By Mindi Ison
When I married 55 years ago I could not cook. I had a Law Degree but no practical abilities for married life save that I had attended a term on a baking course and the one cake I learnt to bake was a pavlova. I have been baking them ever since for all sorts of joyous occasions.
There are various versions but my favourite is a lemon pavlova which I like to make in a 11″ quiche dish which I wipe lightly with sunflower oil.
Ingredients for the basic pavlova
4 (large) egg whites
225 grams caster sugar
2 teaspoons cornflour
1 teaspoon vinegar
1 teaspoon vanilla
4 egg yolks
112 g caster sugar
3 generous tablespoons lemon juice, freshly squeezed
1 teaspoon lemon rind
150 ml soured cream
200 ml whipping cream to decorate
Place the egg whites in a bowl, a Kenwood or whatever other electric mixer you use and turn the speed to full on adding a pinch of salt. Whilst the whites are beating mix the cornflour in to the castor sugar and sieve into a bowl. When the whites are stiff add a desert spoon of the sieved sugar mixture and whisk until stiff. Repeat until all the sugar mixture is finished.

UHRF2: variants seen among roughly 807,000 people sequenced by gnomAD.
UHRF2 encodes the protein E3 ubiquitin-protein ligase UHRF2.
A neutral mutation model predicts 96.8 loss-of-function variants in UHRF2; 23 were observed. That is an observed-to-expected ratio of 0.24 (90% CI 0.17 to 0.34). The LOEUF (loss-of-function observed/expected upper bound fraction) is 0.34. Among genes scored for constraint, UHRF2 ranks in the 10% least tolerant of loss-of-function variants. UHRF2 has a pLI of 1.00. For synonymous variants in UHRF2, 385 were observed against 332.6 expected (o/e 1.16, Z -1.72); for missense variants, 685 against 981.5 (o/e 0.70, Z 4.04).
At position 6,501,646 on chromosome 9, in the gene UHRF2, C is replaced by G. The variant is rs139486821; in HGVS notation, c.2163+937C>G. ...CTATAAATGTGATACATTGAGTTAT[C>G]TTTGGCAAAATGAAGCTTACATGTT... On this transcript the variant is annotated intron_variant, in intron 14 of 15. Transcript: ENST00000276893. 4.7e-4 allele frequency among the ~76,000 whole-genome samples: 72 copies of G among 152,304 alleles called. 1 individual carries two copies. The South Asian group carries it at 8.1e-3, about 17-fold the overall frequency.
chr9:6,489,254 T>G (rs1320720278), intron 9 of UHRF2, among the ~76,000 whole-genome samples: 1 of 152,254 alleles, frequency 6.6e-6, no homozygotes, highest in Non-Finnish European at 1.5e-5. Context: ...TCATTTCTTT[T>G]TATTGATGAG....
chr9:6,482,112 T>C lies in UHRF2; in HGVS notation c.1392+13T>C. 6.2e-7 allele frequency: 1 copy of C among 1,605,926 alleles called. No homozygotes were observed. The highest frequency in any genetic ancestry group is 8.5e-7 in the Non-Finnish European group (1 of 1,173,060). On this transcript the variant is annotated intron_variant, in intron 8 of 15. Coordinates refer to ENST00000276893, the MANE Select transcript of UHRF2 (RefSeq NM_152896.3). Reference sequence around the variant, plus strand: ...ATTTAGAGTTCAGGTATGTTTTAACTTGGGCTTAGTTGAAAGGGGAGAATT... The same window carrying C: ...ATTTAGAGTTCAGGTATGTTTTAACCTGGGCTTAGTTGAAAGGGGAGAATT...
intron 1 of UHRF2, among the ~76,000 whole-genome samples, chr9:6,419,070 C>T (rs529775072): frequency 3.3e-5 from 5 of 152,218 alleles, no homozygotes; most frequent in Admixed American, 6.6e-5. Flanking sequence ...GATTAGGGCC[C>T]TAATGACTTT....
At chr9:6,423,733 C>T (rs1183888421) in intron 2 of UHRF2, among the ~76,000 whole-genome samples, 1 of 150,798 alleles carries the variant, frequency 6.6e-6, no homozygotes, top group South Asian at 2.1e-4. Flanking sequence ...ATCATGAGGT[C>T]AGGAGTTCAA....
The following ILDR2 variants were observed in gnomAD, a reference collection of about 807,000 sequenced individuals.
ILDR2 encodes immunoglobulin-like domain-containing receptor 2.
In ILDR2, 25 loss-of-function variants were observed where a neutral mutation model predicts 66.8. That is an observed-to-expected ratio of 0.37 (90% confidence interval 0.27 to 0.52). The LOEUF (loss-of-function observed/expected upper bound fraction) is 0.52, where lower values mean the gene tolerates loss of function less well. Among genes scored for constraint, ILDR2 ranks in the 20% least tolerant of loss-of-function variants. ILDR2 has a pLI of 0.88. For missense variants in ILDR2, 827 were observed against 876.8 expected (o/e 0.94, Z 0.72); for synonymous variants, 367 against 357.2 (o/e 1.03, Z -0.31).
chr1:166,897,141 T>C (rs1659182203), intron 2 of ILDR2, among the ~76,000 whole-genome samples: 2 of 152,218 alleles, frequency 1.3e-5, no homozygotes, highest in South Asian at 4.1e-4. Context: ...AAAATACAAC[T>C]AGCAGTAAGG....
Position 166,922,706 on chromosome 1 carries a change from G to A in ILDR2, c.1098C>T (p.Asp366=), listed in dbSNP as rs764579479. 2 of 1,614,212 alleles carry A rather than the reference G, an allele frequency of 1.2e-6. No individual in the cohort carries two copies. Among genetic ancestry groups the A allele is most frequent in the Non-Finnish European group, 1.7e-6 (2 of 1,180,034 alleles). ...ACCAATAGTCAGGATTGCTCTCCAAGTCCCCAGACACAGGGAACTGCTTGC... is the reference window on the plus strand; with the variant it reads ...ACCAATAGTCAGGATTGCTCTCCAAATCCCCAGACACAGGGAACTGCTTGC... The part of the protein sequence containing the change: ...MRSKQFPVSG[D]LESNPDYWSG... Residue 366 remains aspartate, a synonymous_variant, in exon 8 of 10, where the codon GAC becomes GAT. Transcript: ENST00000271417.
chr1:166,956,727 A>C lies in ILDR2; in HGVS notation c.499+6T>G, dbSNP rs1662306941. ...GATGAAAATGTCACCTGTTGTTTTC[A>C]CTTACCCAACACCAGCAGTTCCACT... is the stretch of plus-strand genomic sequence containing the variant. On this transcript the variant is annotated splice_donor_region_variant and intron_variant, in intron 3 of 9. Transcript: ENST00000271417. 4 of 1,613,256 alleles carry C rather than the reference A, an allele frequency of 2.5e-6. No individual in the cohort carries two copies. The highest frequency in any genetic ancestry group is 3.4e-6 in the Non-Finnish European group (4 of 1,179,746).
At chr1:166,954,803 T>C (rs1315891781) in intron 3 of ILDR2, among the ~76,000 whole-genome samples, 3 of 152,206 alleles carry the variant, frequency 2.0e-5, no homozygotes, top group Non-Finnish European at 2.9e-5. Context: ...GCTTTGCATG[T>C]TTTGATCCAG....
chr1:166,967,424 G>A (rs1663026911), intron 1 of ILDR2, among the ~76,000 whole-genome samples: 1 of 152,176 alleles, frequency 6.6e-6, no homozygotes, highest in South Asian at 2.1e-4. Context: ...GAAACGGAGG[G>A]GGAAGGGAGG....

NB This procedure takes a little time but do not be tempted to add more than a spoon at a time and do not add the next spoonful until the egg whites are stiff again. I do a few exercises between the spoonfuls. It is very good for ones figure to make up for eating the pavlova.
Finally beat in the vinegar and vanilla.
Spoon the stiff mixture into the quiche dish building up the circumference so that it looks like a low wall. But as the pavlova expands leave the wall a few centimetres from the side of the dish.
Place in a cool oven gas 1. electric 275 f 140 c.
After 1 hour turn the oven off and leave pavlova in the oven until it feels firm to the touch. I usually leave it overnight as I only seem to find time to bake in the evening.
Place egg yolks and sugar in a thick bottom pan and beat with a wooden spoon until pale and creamy. Add the lemon rind and lemon juice and then place pan on a very low light and stir continuously until the texture of mayonnaise. Turn off the light and the lemon will thicken up further as it cools.
When it is completely cold stir in the sour cream and spoon into the base of the meringue. Place in the freezer. Meanwhile whip up a small carton of whipping cream or double cream with 2 teaspoons of caster sugar and spread on the frozen lemon. Put back in the freezer and leave until about an hour before you need the cake and then decorate with fresh fruit such as raspberries and kiwi. Return to the fridge till needed.
Enjoy. The contrast of the sharp lemon and sweet meringue is delicious even after 55 years of tasting.